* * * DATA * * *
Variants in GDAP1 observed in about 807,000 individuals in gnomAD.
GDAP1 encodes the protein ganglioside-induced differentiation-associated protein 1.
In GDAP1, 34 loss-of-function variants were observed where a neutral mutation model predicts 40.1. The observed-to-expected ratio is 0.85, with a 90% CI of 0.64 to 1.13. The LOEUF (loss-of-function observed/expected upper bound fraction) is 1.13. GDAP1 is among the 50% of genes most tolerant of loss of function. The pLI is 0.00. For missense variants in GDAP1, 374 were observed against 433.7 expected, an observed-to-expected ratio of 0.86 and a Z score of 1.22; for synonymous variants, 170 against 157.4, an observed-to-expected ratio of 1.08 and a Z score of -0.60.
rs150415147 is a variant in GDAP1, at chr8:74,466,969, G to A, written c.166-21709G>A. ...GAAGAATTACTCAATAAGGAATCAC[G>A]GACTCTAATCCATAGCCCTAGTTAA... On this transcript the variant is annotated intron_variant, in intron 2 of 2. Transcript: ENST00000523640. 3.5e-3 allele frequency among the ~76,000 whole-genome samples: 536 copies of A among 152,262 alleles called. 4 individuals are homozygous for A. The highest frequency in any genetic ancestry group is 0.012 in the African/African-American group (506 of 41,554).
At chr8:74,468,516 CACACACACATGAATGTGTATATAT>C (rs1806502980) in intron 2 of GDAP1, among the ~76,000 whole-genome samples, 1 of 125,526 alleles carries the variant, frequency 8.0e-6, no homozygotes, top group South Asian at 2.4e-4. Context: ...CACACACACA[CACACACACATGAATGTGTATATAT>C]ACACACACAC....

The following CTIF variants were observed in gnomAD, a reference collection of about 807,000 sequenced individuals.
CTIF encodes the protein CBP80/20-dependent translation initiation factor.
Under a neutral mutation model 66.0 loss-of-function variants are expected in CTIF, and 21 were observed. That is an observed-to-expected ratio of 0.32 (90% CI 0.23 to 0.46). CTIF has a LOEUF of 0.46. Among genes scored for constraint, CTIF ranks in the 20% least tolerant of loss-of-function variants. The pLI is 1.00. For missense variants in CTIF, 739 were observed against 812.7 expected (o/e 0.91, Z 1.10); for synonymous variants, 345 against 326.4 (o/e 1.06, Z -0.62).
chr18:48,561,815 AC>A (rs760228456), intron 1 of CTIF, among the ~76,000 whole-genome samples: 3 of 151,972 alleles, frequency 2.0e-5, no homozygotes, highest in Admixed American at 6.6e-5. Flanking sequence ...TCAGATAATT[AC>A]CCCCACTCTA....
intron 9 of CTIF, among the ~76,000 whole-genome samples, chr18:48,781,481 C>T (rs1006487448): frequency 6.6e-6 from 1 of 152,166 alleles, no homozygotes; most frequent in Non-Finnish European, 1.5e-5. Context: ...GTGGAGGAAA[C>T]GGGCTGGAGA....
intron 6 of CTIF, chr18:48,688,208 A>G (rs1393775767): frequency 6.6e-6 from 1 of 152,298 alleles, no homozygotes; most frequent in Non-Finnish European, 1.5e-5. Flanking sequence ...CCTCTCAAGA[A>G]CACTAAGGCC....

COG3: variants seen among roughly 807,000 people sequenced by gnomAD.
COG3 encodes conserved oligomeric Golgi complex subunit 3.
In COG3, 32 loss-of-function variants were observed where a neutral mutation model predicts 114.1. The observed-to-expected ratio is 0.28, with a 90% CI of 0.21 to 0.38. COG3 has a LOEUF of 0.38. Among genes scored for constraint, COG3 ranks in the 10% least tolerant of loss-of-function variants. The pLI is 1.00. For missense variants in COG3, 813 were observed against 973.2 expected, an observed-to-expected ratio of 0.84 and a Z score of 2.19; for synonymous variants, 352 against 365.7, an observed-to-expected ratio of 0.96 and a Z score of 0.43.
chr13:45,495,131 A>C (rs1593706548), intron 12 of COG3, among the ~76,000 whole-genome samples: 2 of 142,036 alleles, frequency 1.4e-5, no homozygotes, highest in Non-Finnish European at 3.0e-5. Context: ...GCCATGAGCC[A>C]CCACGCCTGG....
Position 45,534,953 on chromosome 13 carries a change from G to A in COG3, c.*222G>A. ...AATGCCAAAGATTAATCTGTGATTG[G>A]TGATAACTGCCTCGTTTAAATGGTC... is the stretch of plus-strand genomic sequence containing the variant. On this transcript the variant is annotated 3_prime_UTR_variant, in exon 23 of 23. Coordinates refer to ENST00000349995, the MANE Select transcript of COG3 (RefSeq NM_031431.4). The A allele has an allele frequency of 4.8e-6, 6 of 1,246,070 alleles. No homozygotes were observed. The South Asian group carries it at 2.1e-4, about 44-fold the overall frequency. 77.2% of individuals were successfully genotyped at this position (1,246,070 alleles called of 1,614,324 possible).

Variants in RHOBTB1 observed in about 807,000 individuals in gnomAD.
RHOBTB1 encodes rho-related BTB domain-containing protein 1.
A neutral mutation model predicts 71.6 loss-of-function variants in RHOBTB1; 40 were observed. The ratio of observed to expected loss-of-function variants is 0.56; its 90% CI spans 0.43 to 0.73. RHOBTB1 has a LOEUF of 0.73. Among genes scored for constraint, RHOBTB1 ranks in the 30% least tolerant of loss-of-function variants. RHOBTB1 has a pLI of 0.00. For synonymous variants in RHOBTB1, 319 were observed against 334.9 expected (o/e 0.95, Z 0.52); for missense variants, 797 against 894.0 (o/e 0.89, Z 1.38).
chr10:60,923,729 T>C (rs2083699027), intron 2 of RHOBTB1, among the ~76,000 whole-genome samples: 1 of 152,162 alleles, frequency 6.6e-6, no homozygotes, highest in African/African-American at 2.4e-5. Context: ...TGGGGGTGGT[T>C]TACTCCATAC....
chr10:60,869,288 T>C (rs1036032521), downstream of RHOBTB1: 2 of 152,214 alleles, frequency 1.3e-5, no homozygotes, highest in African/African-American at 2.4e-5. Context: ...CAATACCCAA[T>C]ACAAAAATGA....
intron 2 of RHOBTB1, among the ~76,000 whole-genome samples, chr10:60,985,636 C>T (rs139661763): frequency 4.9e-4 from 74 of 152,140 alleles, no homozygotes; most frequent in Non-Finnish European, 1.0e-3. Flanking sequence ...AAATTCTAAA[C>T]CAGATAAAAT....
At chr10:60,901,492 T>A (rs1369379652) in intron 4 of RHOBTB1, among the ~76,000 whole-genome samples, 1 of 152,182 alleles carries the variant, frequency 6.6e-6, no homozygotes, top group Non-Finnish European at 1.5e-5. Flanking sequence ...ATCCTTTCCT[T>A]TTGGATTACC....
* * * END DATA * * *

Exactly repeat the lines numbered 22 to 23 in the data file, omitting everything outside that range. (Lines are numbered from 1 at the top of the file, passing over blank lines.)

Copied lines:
intron 2 of RHOBTB1, among the ~76,000 whole-genome samples, chr10:60,985,636 C>T (rs139661763): frequency 4.9e-4 from 74 of 152,140 alleles, no homozygotes; most frequent in Non-Finnish European, 1.0e-3. Flanking sequence ...AAATTCTAAA[C>T]CAGATAAAAT....
At chr10:60,901,492 T>A (rs1369379652) in intron 4 of RHOBTB1, among the ~76,000 whole-genome samples, 1 of 152,182 alleles carries the variant, frequency 6.6e-6, no homozygotes, top group Non-Finnish European at 1.5e-5. Flanking sequence ...ATCCTTTCCT[T>A]TTGGATTACC....